5 years before retirement: amongst the rest, Legal & General’s fund was the best performer (6.6%), although at a relatively higher level of risk (7.2%) compared to the other defaults. Standard Life produced the worst return (2.7%), relative to the risk taken (5%). In terms of risk-adjusted performance, Legal & General have the highest Information Ratio (0.40).

‘At retirement’: amongst the rest, Legal & General was the best performer (6.6%), although at a relatively higher level of risk (7.2%) compared to the other defaults. Aviva (My Future) produced the worst return (1%), relative to the risk taken (4%). In terms of risk-adjusted performance, Legal & General have the highest information ratio (0.67).

The only similarity across all providers in their equity glidepath is that the allocation to equities tends to decline as members approach retirement. However, the initial allocations, the changes to allocation and the ‘at retirement’ allocation are different for almost every default strategy and depend mainly on the risk levels being targeted and the range of investment tools used.

Conversely, the overall bond allocation tends to increase closer to retirement for most of the default solutions.

For ‘5 years before retirement’ portfolios the average allocation to equities amongst the defaults at this stage of the consolidation phase was around 43%, with Fidelity’s default having the highest exposure at 58%, while Royal London has the lowest exposure at approximately 32% of their total asset allocations.

On the fixed income side, default options allocate 47% on average to this asset class, with Aviva (My Future) and Scottish Widows having the highest allocation with 65% and 60% respectively.

The average percentage of the overall allocation to alternative investments within the default funds is almost 7%, with Royal London (30%) and Standard Life (18%) placing the highest weights.

For the ‘at retirement’ portfolios, the average allocation to equities amongst the defaults at this stage of the consolidation phase was around 25%, with Legal & General’s default having the highest exposure at 45%.

On the fixed income side, default options allocate 52% on average to this asset class, with Aviva (My Future) and Scottish Widows having the highest allocations with 81% and 75% respectively. The average percentage of the overall allocation to alternative investments within the default funds is almost 6%, with Royal London (25%) and Standard Life (11%) placing the highest weights.

Finally, when it comes to fees (both growth and consolidation phase) even if charges vary from scheme to scheme they remain crucial in the final outcome of each default strategy, as they affect members’ fund values and subsequently members’ available income at retirement.

The more diversified and sophisticated the default option, the higher the total cost. Therefore, providers need to ensure consistent performance and efficient protection from market volatility to create value for money and justify the higher fees.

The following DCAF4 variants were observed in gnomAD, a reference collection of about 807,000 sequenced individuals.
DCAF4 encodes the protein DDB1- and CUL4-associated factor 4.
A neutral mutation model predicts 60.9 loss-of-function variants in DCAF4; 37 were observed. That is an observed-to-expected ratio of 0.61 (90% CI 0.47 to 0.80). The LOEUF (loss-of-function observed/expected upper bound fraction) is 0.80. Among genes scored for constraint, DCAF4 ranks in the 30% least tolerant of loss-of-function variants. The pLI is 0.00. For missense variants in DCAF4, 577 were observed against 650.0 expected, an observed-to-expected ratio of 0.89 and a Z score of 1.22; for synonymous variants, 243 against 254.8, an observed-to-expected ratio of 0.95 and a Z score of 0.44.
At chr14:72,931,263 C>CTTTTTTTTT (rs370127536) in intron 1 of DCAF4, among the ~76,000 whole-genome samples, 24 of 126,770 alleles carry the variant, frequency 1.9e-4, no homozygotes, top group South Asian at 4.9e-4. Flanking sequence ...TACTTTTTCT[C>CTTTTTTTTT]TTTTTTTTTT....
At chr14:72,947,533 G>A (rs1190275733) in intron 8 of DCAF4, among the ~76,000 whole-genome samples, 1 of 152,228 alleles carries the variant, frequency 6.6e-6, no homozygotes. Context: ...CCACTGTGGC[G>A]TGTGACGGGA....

Steve Butler, Chief Executive, Punter Southall Aspire, adds: “Default doesn’t mean standard. With so many variations employers need to examine all aspects of their DC default fund carefully to understand exactly what they are getting and how their funds are performing.

“We urge employers to do more research, ask more questions and get advice from experts before they make investment decisions. They must also review the management and performance of their funds regularly to ensure that at retirement, their employees get the best pension and retirement possible.”


Revitalising the token market



Revitalising the token market 1

By Gavin Smith, CEO at Panxora

With interest rates near zero and fears that whipsawing stock markets are set for further plunges, many investors are turning to alternative markets in the search for returns. Money flowing into cryptocurrency hedge funds and trusts like Grayscale is at all-time highs and the large cap coins seem to be entering a bull phase, but that capital is not trickling down into new token projects. Why are blockchain token projects struggling to attract funding?

Seed investor scepticism

Setting aside the reputational issues with mainstream investors, even those educated in blockchain tech are not signing on the dotted line. This is certainly due in part to the hangover from the early token market.

During the heady days of 2016/17, investors could buy tokens during the token sale, and if the project was legitimate – even if the business case wasn’t particularly strong – prices would soar based on market enthusiasm. Early investors purchased at a discount and cashed out almost immediately for a handsome profit – and then repeated the process again. The token sale allowed founders to amass a war chest large enough to finance the entire token project – without having to give up a large chunk of company equity. Everyone got what they needed out of the deal.